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Results Briefs April 25, 2019

Renovating the Public Health Care System in El Salvador


#SVNecesita Campaign in El Salvador Antonio Castro Moreira, de Santiago Texacuangos, El Salvador. 

Photo: World Bank

Health care improved in El Salvador’s poorest 92 municipalities: births in health facilities increased, neonatal units were equipped, and full cycles of treatment for cervical cancer were ensured, contributing to decreases in maternal and neonatal mortality. In addition, the nation strengthened its emergency response network, improved the equipment available at the primary and tertiary levels of care, and improved the National Reference Institute responsible for identifying and monitoring infectious diseases.


El Salvador’s population faced development challenges due to inequalities in health care access and quality. Limited access to health care and high out-of-pocket expenditures had a disproportionate impact on the poor and those living in rural areas. The country’s health care system needed enhanced response capacity to effectively address increasing morbidity, mortality, and disability from communicable diseases and chronic noncommunicable diseases within these populations. Maternal mortality had decreased but had not reached the Millennium Development Goal (MDG) of 38 deaths per 100,000 live births; this remains a challenge, with 48 deaths per 100,000 live births in 2015 (decreased from 50.8 in 2011). In 2009, the government launched a health system reform. The National Health Strategy (2009–2014) aimed to reduce inequalities in access, improve health service quality, and strengthen information system management to enhance the Ministry of Health’s monitoring and oversight capacity. The World Bank supported the government in implementing the planned health reforms. 


The Bank approached these challenges through the Strengthening Public Health Care System project, which provided a flexible response to meeting the country’s evolving needs. Investment innovations included emphasis on maintenance of medical equipment, with more than 51 primary care hospitals and 30 secondary and tertiary hospitals receiving infrastructure and equipment updates. In addition, with project support, the Ministry of Health established the first National Radiotherapy Center to provide complete cycles of care for cancer patients, including training staff in treatment and management of third-generation equipment.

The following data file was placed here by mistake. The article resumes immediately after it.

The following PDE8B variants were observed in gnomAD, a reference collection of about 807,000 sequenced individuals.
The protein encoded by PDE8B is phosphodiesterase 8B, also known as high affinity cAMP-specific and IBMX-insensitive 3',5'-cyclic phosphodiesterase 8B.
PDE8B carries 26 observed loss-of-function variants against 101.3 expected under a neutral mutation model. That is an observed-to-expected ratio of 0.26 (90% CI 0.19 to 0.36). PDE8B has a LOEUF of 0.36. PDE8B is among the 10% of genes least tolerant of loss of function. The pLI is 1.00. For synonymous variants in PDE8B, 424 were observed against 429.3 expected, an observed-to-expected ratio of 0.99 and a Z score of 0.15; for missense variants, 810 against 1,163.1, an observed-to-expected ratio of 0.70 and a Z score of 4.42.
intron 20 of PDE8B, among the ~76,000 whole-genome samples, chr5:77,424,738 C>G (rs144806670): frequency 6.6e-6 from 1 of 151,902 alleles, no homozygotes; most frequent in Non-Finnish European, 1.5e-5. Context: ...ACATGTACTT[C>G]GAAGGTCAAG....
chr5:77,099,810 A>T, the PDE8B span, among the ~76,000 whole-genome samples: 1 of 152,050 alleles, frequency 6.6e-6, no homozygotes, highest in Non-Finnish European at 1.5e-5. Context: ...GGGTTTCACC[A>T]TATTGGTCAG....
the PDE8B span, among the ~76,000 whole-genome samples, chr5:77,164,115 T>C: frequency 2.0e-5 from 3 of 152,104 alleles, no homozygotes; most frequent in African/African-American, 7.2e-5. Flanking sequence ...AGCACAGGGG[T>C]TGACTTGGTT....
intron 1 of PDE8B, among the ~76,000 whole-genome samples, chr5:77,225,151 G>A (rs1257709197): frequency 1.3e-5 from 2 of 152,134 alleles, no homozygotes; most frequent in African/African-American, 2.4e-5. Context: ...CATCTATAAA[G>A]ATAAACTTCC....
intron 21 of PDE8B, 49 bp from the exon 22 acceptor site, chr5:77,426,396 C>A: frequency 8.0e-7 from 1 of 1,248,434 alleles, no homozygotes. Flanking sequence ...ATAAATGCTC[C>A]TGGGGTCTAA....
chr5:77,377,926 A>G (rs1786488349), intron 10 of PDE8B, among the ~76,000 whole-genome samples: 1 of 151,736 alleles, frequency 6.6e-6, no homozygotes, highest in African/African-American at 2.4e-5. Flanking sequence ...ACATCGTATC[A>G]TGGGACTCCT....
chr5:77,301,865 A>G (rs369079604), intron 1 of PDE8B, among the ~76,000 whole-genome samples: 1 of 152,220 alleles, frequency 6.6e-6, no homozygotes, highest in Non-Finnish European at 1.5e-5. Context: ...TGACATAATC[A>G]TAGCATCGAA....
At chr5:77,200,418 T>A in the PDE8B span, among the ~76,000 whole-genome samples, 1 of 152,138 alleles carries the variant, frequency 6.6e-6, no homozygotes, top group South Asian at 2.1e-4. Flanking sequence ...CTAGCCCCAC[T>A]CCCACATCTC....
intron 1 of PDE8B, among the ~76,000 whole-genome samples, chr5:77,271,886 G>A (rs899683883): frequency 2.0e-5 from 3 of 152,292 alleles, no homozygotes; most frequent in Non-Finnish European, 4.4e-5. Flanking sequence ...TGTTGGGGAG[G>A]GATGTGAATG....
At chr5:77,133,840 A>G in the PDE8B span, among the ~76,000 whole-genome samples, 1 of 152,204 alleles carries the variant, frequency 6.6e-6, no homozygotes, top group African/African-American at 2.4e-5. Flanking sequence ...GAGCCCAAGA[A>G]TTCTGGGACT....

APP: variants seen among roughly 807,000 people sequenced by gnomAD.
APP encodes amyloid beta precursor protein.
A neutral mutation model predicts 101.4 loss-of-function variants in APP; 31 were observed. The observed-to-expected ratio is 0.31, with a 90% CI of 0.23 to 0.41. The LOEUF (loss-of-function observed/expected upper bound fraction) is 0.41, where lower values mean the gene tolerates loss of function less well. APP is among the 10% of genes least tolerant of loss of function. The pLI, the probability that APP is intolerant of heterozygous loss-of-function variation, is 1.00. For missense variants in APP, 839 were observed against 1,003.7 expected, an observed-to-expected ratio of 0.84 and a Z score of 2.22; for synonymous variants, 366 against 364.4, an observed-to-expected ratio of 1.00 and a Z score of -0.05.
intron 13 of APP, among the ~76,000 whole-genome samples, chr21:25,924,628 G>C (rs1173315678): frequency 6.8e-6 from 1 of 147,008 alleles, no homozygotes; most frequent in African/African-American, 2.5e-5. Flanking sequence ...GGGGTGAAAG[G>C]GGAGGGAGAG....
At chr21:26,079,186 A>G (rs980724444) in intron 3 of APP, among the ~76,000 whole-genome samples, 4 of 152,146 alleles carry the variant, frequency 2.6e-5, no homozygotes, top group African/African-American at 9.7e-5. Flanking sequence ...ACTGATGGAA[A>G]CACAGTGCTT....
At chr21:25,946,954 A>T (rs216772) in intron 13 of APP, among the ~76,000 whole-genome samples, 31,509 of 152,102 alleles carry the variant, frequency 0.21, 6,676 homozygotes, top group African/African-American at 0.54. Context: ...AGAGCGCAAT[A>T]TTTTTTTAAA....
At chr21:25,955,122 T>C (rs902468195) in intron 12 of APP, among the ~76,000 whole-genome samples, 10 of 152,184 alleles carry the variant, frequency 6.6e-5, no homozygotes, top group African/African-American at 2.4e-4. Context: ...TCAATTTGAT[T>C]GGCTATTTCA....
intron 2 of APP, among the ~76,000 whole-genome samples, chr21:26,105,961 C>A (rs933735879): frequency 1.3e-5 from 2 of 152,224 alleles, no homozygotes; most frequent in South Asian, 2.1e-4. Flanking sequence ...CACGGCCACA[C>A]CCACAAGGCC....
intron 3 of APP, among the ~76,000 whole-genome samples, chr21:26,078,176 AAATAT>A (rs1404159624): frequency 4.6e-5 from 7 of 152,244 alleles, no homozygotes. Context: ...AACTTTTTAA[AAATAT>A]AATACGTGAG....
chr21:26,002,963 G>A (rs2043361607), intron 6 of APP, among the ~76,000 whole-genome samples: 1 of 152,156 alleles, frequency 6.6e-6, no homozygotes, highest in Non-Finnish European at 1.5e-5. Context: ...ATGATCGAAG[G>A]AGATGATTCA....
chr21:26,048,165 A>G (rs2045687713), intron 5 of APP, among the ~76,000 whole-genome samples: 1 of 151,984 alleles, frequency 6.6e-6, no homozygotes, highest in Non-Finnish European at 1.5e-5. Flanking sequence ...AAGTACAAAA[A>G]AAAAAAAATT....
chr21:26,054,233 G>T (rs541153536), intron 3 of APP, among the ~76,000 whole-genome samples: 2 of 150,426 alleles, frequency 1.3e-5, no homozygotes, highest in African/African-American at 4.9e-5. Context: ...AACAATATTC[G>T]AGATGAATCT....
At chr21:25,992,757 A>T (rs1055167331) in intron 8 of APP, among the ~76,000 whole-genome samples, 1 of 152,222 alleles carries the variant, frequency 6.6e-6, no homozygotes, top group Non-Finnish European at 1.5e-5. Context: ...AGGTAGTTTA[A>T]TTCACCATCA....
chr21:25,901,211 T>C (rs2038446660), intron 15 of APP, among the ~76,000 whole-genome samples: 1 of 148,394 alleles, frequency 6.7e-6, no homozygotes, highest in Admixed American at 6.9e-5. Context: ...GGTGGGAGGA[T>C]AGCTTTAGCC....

The project also strengthened the National Institute of Health and National Reference Laboratory, which are responsible for the country’s response and monitoring capacity during outbreaks of infectious diseases; harmonization and collection of data, including the National Health Survey 2016; and the National Survey of Chronic Noncommunicable Diseases in Adults. Results from this survey supported creation of the first National Direction of Noncommunicable Diseases and development of the national strategy for prevention and care of chronic noncommunicable diseases. 


Investment innovations included emphasis on maintenance of medical equipment, with more than 51 primary care hospitals and 30 secondary and tertiary hospitals receiving infrastructure and equipment updates.


The project had two goals: (i) expand access and improve the quality of health services for El Salvador’s poor and rural citizens; and (ii) strengthen El Salvador’s health ministry stewardship capacity to manage essential public health functions. The project was implemented in 92 municipalities, targeting 2.1 million people. 

Goal 1: Improving health services for poor and rural citizens. 

  • The project aimed to increase the percentage of children younger than one year receiving a third pentavalent vaccination. 

  • With a baseline of 92 percent The goal was to achieve 92.8 percent of coverage of pentavalent vaccine by 2016. The municipalities surpassed the goal reaching 95 percent in years 2013 - 2014, and reached 92 percent in 2016; and missed narrowly in 2015.